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Highlighting the growing manufacturing sector of the U.S. economy, President Barack Obama is proposing new ways for the government and the private sector to help keep those jobs coming.
The White House said Obama will announce Wednesday in Raleigh that a consortium of 18 business and six universities, led by North Carolina State University, has been chosen to lead a manufacturing innovation institute to develop next-generation power electronics. It's the first of three such hubs that Obama called for in his State of the Union address last year.
Battered by the calamitous rollout of the federal health insurance website and the lowest job approval ratings of his presidency, Obama has sought to stay focused on the unsteady economic recovery and jobs and position himself as a champion of working-class people and the jobless.
His first White House appearance after returning from vacation in Hawaii was to call on Congress to reinstate long-term unemployment benefits. The program expired late last month and immediately cut off financial aid for more than 1.3 million people who have exhausted their state-paid unemployment benefits.
Senate votes Tuesday on a pair of Democratic-drafted proposals to reinstate the program fell short of the tally needed for passage.
Obama's quick stop in North Carolina, his first official business trip of the new year, also comes after the government reported last Friday that employers added just 74,000 jobs in December. The report raised fresh concerns about the pace of the economic recovery. The national unemployment rate also fell three-tenths of a percentage point, from 7 percent to 6.7 percent, to its lowest level in more than five years, but only because a wave of job-seekers had given up looking for work. That meant the government no longer counted them as unemployed.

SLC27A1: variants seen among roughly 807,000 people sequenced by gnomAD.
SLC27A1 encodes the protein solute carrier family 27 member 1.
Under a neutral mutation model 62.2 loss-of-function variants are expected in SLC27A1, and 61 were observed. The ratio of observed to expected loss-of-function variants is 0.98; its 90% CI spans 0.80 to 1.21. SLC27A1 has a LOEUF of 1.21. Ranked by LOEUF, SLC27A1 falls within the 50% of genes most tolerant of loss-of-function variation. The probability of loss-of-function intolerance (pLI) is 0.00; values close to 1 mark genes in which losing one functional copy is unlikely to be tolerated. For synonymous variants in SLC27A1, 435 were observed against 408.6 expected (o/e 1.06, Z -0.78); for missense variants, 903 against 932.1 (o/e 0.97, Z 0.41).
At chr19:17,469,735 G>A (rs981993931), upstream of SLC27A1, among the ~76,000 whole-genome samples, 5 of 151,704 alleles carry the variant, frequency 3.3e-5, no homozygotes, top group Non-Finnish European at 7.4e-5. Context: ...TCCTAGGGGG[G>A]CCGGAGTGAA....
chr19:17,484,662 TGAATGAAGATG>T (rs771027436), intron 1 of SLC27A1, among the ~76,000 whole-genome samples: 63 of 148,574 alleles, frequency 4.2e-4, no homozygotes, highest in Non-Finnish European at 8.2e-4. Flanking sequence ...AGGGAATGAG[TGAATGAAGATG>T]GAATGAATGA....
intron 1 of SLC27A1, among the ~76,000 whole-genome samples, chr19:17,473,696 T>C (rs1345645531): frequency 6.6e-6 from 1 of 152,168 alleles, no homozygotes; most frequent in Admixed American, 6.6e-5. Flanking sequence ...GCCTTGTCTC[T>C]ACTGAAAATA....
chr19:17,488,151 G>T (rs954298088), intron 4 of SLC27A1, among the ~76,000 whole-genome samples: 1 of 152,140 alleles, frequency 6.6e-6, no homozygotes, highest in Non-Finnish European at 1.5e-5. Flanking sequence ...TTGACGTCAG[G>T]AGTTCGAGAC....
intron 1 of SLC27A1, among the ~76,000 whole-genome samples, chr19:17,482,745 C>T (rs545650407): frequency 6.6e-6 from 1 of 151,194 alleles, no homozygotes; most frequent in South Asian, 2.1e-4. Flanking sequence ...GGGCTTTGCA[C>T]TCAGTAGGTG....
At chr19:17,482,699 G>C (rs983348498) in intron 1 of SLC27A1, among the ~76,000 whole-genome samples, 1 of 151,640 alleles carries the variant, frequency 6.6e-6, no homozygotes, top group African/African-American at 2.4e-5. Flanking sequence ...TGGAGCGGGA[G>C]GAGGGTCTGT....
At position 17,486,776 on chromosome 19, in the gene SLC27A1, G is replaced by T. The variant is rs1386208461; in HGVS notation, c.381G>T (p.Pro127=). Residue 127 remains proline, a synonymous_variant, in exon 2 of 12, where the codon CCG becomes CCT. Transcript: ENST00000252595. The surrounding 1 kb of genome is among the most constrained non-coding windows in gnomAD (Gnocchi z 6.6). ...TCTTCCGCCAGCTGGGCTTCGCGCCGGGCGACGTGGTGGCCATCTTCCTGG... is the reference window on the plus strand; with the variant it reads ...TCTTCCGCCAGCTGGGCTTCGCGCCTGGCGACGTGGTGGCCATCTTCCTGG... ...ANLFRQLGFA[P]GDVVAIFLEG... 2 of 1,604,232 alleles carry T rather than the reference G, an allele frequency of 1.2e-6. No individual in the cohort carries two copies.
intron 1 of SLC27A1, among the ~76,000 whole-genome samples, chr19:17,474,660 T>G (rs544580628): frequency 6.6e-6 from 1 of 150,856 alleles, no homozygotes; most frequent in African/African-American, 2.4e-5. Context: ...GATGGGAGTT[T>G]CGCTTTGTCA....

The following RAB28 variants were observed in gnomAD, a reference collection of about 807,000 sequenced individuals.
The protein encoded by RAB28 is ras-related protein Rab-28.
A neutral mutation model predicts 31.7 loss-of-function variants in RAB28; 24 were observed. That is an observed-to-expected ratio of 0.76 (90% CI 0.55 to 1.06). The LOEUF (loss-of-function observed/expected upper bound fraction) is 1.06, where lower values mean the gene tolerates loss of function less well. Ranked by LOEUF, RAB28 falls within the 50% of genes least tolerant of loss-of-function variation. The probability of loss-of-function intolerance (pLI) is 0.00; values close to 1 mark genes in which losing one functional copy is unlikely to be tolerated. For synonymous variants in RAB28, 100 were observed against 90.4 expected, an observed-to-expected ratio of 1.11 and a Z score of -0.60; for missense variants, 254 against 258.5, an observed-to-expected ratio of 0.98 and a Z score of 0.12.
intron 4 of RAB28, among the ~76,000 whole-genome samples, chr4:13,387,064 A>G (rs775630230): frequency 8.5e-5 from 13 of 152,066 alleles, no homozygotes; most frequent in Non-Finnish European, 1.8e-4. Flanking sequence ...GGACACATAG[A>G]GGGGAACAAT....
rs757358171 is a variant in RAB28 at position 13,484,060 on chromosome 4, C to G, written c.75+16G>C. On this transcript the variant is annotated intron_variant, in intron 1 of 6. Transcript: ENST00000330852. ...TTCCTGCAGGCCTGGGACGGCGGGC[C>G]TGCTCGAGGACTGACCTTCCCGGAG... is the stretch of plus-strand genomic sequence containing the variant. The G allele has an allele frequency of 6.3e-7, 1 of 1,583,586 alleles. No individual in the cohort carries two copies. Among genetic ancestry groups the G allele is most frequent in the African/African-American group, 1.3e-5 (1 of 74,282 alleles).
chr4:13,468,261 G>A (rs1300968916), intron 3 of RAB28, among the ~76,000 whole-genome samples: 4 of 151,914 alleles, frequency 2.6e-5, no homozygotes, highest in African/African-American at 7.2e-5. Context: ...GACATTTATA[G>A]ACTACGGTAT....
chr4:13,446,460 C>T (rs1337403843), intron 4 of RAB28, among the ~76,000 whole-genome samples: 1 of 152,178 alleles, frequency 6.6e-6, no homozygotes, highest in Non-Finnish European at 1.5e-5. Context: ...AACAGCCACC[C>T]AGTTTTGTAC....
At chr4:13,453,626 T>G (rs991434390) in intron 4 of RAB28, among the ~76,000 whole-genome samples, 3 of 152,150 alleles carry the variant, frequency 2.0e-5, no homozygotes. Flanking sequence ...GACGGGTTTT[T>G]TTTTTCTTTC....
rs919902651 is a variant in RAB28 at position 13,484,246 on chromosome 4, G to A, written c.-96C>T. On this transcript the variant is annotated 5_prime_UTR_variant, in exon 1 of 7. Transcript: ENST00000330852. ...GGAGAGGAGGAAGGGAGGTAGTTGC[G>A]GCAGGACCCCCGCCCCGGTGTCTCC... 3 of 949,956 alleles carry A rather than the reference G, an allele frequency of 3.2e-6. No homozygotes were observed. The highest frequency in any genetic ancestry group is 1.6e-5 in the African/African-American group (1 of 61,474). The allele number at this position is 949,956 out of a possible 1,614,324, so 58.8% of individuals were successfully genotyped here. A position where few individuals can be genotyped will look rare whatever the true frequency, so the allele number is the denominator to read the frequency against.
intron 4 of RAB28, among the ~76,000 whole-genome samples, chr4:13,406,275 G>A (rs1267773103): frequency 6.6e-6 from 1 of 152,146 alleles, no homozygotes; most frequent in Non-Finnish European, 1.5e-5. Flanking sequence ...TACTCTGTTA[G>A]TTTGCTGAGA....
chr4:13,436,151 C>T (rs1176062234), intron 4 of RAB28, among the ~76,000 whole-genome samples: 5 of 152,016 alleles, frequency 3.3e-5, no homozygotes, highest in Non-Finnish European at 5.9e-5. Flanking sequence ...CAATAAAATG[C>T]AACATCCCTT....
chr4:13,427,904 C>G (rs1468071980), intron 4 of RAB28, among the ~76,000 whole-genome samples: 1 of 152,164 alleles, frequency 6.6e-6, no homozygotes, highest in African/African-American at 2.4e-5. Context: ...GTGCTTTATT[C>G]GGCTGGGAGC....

Obama acknowledged the muddled economic picture as he sat down with his Cabinet on Tuesday.
"The economy is improving, but it could be improving even faster," he said at the White House. "A lot of people are doing better than they were in the depths of the recession, but there are still a lot of folks who need help." Obama said he'll continue to work with Congress on new job-creation measures but won't hesitate to use his executive authority to get things done.
One source of help could be the manufacturing innovation institute Obama was announcing.
The White House says that, since the end of the recession, manufacturing has grown at the fastest pace in more than a decade, with more than a half-million jobs added in the past four years. The figure includes the addition of about 80,000 jobs in just the past five months and the White House says Obama wants to build on that progress.
The new manufacturing institute, run by a collaboration among 18 companies and six universities, will focus on developing the next generation of energy-efficient, high-power electronic chips and devices that will be used to help make things like motors, consumer electronics and other devices that support the power grid smaller, faster and more efficient.
The White House says the institute will help create well-paying jobs and grow the middle class. The Energy Department is awarding $70 million over five years, matched by at least an identical amount in commitments by the winning team of businesses and universities as well as the state of North Carolina.
Before the speech, Obama was to tour a Durham, N.C., company that manufactures drives to make electric motors more energy-efficient by controlling their speed. The Raleigh-Durham region of North Carolina is known for its research and development industry.
In last year's State of the Union address, Obama proposed using $200 million in existing federal money to create three new manufacturing institutes, including the one he was announcing Wednesday. The selection process continues for the other two institutes. Obama also called on Congress to create a network of 15 such hubs, but lawmakers ignored the request.
Obama is set to stand before the nation and deliver this year's address Jan. 28.
While the economy was the reason for Obama's trip, it wasn't without a dose of political drama.
Kay Hagan, the state's Democratic U.S. senator, did not plan to join Obama as lawmakers often do when a president visits their turf. Her office said she wouldn't be there because the Senate is in session, an explanation Republicans weren't buying. The GOP hopes unhappiness with Obama's health care law and Hagan's support for it will help topple her in November and help the party take back the Senate.
Hagan's decision has raised questions about whether Obama has become a drag on vulnerable Democrats facing re-election.
Follow Darlene Superville on Twitter: http://www.twitter.com/dsupervilleap